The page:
Tuesday, May 8, 2012

Hypothermia season: "I know what I'm doing"

Last weekend was the Wisconsin Fishing Opener, which triggers the Bark Bay Fishing Invitational, an event I've written about annually since this blog began.  It is pretty much a 'Groundhog Day' type of thing with almost exactly the same activities and even the same food menu (which we heartily approve of) from year to year.  The attendee list varies yearly with some new blood every year.  Old blood tends to check in at some point and this year we received a call from RonO and Elmer, who were settled in at the Salty Dawg Saloon in Homer, AK.  One event that was only held for the second time was the 'Get Lost with Phil' event.  New attendees and some veterans that haven't been paying attention agree to walk around the lake with RawhidePhil and somehow he always comes back without them.  They usually stagger into camp about an hour and a half later, soaked from trudging through swamps with their tongues hanging out.  It's kind of the Gilligan's Island 'three hour tour.....a three hour tour' syndrome.  One of the new guys smart enough to stay in camp was a fellow from Ironwood, MI who had just purchased a couple of 13' rec boats with bulkheads for him and his wife.  They had tested a number of boats at a demo and these two Jackson kayaks, they sounded like Journey's from his description, fit them the best.  He said they paddled around the inland lakes mostly and then asked the question that we Gitchee Gumee paddlers like to hear: "What do we do to take the next step to do some day paddles out on the big lake?

When I got back last night I read Bryan Hansel's post in Paddling Light.  The age old dilemma, as 'Groundhog Day' as the Bark Bay event, of what to do when we spot the woefully unprepared person heading out in dangerous conditions.  Be advised people, it is the absolute peak of hypothermia season on Superior.  Balmy days and sub 40F water in many cases.  I thought Bryan handled it well and speaking from experience I think the outcome was as good as could be expected.  But will anything be learned from the experience?  Will she do the same thing tomorrow?  Will the fact that she had a decent outcome create the belief that she now knows what she is doing? One key issue is whether we come off as Cliff Claven's or as concerned paddlers trying to help and educate.  I've written about a fellow preparing to venture out to the mainland sea caves in the Apostles, the spot where a couple of people have paid for their unpreparedness with their lives in the past few years.  I had on a drysuit and he was wearing shorts and flip flops.  What caused the danger finally sunk in was when I invited him to continue the discussion while standing in Lake Superior.  It was a very short 30 second discussion before I helped him carry his 12' rec boat  back up the steps, directions to Bark Slough scribbled on the back of an envelope.  Many, many other times I've been told, "Don't worry, I know what I'm doing".  I've not perfected the ideal response to that yet because its usually patently obvious that they have no idea what the hell they are doing.  What can also fuel this unwarranted confidence is benign neglect from the people who rent these boats to people.  As Bryan pointed out there are a couple of outfitters in Grand Marais that are less than forthcoming with their rental clients.  There is an outfitter in the Apostles that rents sit on tops.  I've seen firsthand the results of that policy with some poor college aged guys freezing their asses off on Oak Island, both them and their gear soaked to the bone.  In the AINL there are now people at the Little Sand Bay launch during the busy season, Coast Guard Auxiliary volunteers I believe, that gently instruct people about safety.  Same thing at Meyers Beach.  The fact that becomes very clear to these volunteers however, is many people have the attitude that they indeed 'know what they are doing' and don't have to listen.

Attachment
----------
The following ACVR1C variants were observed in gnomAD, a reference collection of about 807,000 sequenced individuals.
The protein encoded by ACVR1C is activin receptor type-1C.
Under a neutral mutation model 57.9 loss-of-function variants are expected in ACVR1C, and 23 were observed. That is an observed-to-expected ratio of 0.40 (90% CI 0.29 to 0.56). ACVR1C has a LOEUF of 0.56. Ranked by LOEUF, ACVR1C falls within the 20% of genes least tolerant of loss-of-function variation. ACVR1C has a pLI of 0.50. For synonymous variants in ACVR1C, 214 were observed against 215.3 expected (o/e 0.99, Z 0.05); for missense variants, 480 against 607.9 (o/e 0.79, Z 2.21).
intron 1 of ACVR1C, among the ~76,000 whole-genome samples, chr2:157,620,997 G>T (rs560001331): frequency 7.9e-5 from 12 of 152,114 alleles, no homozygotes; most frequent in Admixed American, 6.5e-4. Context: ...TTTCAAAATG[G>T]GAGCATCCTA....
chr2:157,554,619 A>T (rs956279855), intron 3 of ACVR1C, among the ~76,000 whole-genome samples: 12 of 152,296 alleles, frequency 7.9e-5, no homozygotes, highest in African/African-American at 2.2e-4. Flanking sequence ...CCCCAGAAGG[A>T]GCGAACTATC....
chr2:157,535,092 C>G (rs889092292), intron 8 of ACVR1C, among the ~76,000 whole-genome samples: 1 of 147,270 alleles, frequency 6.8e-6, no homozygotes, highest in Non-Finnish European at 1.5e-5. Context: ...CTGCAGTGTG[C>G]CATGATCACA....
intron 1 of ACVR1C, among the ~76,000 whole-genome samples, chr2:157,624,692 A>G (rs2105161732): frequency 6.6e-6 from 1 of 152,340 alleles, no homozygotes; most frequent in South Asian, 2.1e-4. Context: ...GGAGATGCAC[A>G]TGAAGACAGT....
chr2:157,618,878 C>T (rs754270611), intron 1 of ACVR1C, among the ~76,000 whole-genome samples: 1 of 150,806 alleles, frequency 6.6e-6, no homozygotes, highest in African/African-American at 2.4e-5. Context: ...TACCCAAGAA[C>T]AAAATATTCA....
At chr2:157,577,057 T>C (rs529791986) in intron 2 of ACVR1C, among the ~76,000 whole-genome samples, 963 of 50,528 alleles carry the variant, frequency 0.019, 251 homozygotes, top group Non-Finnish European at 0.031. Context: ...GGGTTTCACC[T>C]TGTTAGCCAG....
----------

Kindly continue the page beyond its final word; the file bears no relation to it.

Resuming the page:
Enough of that.  We all know the story and it's like a broken record.  Just keep on keeping on with the gentle hints, advice, and creative ways to illustrate them, and maybe we will make a difference.  I was lucky enough this weekend to sit and talk to a guy who knew very well he was in the 'conscious incompetent' quadrant of the famous matrix and wanted answers to some well thought out questions.  What is the next piece of gear I should buy and how do you dress for immersion were a couple great ones.  Fortunately the three of us that paddled Lake O, RangerMark, the KingOfIronwoodIsland, and I, had wetsuits and drysuits to illustrate the discussion. Poker losses had weakened TheKing mentally and physically so it was good that he had that wetsuit on.  As you can see from the above image the lake was placid but after a bit of rolling I was really glad the sauna was close by and stoked hard.  Lets keep up the feedback and the thoughtfully presented advice when we see a disaster waiting to happen.  Even if the response rate to the advice is the same as a good glove/no hit shortstop, .224, it is still another person, albeit one out of four, who has moved into that conscious incompetent quadrant, the first and essential step to safe paddling on North America's largest lake.

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